Perhaps the most useful thing to say at the beginning is that this book is not to be confused with the novel of the same title written in 1980 by Lionel Mitchell, which is described as a spiritual odyssey of a young black man in New York’s East Village. This collection of travel pieces may also be in some ways a spiritual odyssey for the author, but for the reader that is not the most important or enjoyable element of the book. This is Bill Barich’s second book (after Laughing in the Hills, 1980); with the exception of one essay, all the contents first appeared in The New Yorker between 1981 and 1984. Portions of Barich’s first book were also first published in The New Yorker.
The volume contains ten essays, divided into three parts: Part 1 is mainly about fishing and horse-racing on the East and West Coasts, while part 2 deals with London and Florence, also emphasizing horse racing; part 3 is a single essay, again about fishing on the West Coast. The individual essays range from eleven to thirty-six pages in length, and all but three treat horse racing or fishing in some form. The horse-racing pieces continue the theme of Barich’s first book, which dealt exclusively with the author’s experiences at various California racetracks. The pieces in Traveling Light are arranged chronologically, but the author tells the reader that there is really no need to read them that way.
The book is ostensibly travel literature and in most libraries will be found in the travel section, but the real antecedents and parallels for the work are rather to be found in the tradition of the informal essay. Barich’s true niche is not to be found with Ring Lardner or even Izaak Walton, but with Charles Lamb or E. V. Lucas or Max Beerbohm. The individual pieces are true essays, displaying the best qualities of that genre, and it is in virtue of this that they may well be read as independent works. Traveling Light would in truth make a good bedside book.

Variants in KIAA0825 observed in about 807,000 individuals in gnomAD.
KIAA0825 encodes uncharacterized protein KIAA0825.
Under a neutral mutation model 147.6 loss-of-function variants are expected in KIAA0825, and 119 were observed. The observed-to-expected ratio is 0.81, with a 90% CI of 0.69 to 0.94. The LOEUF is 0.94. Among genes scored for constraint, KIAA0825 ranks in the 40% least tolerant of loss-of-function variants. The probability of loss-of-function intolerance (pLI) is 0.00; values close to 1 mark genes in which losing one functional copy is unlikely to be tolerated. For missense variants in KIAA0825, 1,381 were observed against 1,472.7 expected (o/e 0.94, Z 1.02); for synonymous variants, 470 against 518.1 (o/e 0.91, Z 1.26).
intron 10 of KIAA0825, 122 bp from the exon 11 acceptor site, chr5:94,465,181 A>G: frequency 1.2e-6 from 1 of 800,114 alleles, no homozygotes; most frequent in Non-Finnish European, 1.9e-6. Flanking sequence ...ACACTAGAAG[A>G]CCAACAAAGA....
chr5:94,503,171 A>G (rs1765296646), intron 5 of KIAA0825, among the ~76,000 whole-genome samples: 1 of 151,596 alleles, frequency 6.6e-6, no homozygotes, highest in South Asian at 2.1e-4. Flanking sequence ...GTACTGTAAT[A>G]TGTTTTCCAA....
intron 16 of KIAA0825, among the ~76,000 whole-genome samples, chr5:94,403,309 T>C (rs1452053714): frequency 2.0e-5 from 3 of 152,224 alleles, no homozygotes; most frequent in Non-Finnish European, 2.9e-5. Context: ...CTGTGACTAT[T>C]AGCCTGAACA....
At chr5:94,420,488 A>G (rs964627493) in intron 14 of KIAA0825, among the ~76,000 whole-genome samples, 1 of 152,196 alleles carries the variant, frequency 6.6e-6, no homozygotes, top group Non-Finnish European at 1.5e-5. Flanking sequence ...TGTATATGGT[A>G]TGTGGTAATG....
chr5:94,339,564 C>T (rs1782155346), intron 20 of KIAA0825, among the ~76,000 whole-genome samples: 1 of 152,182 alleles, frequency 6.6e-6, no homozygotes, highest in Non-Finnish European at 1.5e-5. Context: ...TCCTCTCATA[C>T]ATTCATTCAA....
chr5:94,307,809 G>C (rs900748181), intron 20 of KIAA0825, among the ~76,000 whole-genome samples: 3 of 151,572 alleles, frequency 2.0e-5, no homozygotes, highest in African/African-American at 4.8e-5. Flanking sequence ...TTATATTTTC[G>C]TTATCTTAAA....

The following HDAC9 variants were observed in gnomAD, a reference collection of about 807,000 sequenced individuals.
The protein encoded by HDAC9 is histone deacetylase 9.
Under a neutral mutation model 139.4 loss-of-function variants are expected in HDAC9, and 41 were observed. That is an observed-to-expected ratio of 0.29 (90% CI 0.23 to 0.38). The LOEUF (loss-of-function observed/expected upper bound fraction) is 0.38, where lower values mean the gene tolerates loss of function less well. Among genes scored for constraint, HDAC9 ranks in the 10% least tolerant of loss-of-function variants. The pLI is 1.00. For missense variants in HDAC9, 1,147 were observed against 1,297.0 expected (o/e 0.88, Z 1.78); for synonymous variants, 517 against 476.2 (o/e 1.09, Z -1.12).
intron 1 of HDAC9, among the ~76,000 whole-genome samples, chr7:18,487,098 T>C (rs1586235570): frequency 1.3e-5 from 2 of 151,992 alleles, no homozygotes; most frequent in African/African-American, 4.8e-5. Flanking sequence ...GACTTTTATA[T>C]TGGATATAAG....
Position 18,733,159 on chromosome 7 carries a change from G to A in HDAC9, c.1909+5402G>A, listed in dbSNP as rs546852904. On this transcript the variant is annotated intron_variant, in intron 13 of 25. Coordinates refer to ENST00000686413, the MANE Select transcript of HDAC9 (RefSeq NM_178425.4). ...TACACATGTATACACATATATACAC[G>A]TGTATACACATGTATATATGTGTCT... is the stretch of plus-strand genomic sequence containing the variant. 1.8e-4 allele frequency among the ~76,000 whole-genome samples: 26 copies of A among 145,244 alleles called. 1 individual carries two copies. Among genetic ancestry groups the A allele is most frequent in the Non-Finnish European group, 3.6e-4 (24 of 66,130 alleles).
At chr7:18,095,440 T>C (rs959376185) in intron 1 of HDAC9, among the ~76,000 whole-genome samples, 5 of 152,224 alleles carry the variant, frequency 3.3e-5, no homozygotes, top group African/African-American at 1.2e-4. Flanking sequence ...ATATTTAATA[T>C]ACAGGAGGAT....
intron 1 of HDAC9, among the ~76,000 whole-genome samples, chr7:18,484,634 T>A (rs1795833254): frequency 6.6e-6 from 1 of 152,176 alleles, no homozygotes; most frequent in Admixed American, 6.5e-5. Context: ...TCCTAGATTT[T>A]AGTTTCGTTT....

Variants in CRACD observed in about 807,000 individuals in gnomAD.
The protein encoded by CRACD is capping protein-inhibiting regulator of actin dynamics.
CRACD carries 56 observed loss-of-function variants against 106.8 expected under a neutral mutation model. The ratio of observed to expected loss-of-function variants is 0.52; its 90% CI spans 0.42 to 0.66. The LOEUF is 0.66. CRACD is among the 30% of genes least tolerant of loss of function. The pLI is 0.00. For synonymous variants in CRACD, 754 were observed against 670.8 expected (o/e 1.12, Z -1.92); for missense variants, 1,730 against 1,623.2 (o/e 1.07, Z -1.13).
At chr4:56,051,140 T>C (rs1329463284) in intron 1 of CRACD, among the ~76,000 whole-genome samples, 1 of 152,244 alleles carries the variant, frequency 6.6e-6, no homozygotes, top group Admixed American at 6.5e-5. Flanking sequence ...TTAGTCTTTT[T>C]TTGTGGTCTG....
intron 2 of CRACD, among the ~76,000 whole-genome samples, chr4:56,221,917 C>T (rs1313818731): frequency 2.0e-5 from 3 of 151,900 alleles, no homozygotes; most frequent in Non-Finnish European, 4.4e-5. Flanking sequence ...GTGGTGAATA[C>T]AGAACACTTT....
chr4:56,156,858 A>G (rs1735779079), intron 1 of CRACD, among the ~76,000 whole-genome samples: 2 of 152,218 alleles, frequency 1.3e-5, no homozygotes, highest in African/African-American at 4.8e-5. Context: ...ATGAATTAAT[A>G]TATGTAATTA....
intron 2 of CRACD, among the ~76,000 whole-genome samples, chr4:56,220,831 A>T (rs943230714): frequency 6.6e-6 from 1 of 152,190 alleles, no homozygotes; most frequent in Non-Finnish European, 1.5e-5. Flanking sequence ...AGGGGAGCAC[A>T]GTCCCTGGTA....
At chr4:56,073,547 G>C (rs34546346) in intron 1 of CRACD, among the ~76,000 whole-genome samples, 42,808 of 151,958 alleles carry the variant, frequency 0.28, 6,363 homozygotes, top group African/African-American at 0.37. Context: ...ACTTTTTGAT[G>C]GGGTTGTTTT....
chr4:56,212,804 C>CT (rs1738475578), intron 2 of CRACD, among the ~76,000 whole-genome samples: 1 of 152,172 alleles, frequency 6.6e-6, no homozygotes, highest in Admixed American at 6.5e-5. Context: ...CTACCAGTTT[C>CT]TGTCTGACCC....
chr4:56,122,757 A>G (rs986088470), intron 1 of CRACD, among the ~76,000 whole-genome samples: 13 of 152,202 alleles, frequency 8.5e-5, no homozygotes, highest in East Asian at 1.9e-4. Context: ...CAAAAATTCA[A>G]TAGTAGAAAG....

Additionally, the book has very little to say on the actual subject of travel; travel, by itself, is, in fact, never discussed. What the essays do discuss are places and people. With an eye for significant detail, Barich makes a California trout stream, a London pub, and an Italian racecourse come alive. He does not so much visit these places as live there or become a regular. He enters into the life afforded instead of observing from the outside in the usual manner of the tourist. In fact, tourist is the furthest thing from what Barich becomes.
People, too, are central to the work, and the emphasis is always on people in their natural habitat—whether it be pub or racetrack or trout stream. Barich is attracted to secure, relatively unsophisticated people, to competent people who know what they are about and operate with a minimum of fuss. Examples from the book would be his fishing companion in California, Paul Deeds; Dorothy Wharton-Wheeler, whom he meets at a racecourse in England; or O’Neill, the proprietor of a tackle shop on Long Island. These are only a selection; there are many others, some the subject of lengthy, developing descriptions, some neatly realized in a page or a paragraph.
Along the way, Barich offers a great many other pleasant and delightful things; again, in this, he models himself on the essay tradition, creating the relaxed, conversational tone so important in that form. In the midst of an account of fishing in California, there are brief bits on the history of early Russian involvement in California, the distinctions between kinds of trout, and Zane Grey. The essay “J. D. Ross’s Vision” not only tells the reader much of attempts to dam rivers in Washington for power but along the way presents neat bits of Seattle politics. A visit to Saratoga Springs for the annual yearling sale also provides readers with the history of that spa and racecourse and some insights into tax shelters and investment. These are only a few of the random bits that are likely to spring unannounced from the pages. Barich does not introduce these topics in order to show off but brings them in naturally as they might turn up in good conversation. He has the knack of being interesting on a subject, however recondite (such as Florentine painting), even if the reader initially knows or cares little about the topic.
It is clear that Barich not only likes to talk to people but also has the ability to put...
(The entire section is 1821 words.)